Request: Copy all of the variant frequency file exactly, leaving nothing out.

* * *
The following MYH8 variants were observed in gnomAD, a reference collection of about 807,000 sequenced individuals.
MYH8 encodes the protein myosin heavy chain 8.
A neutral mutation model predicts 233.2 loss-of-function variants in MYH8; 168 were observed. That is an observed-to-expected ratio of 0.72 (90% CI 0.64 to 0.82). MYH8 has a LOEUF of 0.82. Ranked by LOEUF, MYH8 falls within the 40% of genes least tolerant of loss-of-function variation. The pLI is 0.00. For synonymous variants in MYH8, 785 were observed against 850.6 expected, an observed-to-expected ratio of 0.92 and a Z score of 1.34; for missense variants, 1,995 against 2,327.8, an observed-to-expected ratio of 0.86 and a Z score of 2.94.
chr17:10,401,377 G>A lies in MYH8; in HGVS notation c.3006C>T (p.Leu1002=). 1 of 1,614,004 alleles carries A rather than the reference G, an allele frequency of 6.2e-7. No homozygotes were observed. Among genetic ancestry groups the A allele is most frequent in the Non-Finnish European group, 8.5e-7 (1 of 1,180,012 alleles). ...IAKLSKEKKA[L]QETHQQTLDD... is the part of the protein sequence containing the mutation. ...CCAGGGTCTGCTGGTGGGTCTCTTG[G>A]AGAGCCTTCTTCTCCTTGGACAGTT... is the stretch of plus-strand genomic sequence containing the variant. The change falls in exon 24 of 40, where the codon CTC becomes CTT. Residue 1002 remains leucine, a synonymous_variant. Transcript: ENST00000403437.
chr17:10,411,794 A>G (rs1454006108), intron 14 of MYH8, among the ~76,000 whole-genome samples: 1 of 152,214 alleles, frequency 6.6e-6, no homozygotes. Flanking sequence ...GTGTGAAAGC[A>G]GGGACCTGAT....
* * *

The following MYH8 variants were observed in gnomAD, a reference collection of about 807,000 sequenced individuals.
MYH8 encodes the protein myosin heavy chain 8.
A neutral mutation model predicts 233.2 loss-of-function variants in MYH8; 168 were observed. That is an observed-to-expected ratio of 0.72 (90% CI 0.64 to 0.82). MYH8 has a LOEUF of 0.82. Ranked by LOEUF, MYH8 falls within the 40% of genes least tolerant of loss-of-function variation. The pLI is 0.00. For synonymous variants in MYH8, 785 were observed against 850.6 expected, an observed-to-expected ratio of 0.92 and a Z score of 1.34; for missense variants, 1,995 against 2,327.8, an observed-to-expected ratio of 0.86 and a Z score of 2.94.
chr17:10,401,377 G>A lies in MYH8; in HGVS notation c.3006C>T (p.Leu1002=). 1 of 1,614,004 alleles carries A rather than the reference G, an allele frequency of 6.2e-7. No homozygotes were observed. Among genetic ancestry groups the A allele is most frequent in the Non-Finnish European group, 8.5e-7 (1 of 1,180,012 alleles). ...IAKLSKEKKA[L]QETHQQTLDD... is the part of the protein sequence containing the mutation. ...CCAGGGTCTGCTGGTGGGTCTCTTG[G>A]AGAGCCTTCTTCTCCTTGGACAGTT... is the stretch of plus-strand genomic sequence containing the variant. The change falls in exon 24 of 40, where the codon CTC becomes CTT. Residue 1002 remains leucine, a synonymous_variant. Transcript: ENST00000403437.
chr17:10,411,794 A>G (rs1454006108), intron 14 of MYH8, among the ~76,000 whole-genome samples: 1 of 152,214 alleles, frequency 6.6e-6, no homozygotes. Flanking sequence ...GTGTGAAAGC[A>G]GGGACCTGAT....